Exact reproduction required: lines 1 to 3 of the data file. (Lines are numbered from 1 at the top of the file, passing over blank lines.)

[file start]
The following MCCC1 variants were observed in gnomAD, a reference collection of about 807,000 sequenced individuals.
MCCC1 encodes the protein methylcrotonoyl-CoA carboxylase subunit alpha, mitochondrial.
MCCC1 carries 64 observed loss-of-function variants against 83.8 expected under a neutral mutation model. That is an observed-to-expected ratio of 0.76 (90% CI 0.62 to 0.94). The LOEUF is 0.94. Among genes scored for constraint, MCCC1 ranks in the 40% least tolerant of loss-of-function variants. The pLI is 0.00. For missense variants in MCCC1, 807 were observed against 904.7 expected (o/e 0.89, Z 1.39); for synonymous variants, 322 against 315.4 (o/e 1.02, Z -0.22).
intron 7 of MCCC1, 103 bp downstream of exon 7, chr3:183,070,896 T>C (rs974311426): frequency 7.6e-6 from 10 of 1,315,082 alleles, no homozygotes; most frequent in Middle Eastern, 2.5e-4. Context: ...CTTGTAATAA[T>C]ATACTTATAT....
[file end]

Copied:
The following MCCC1 variants were observed in gnomAD, a reference collection of about 807,000 sequenced individuals.
MCCC1 encodes the protein methylcrotonoyl-CoA carboxylase subunit alpha, mitochondrial.
MCCC1 carries 64 observed loss-of-function variants against 83.8 expected under a neutral mutation model. That is an observed-to-expected ratio of 0.76 (90% CI 0.62 to 0.94). The LOEUF is 0.94. Among genes scored for constraint, MCCC1 ranks in the 40% least tolerant of loss-of-function variants. The pLI is 0.00. For missense variants in MCCC1, 807 were observed against 904.7 expected (o/e 0.89, Z 1.39); for synonymous variants, 322 against 315.4 (o/e 1.02, Z -0.22).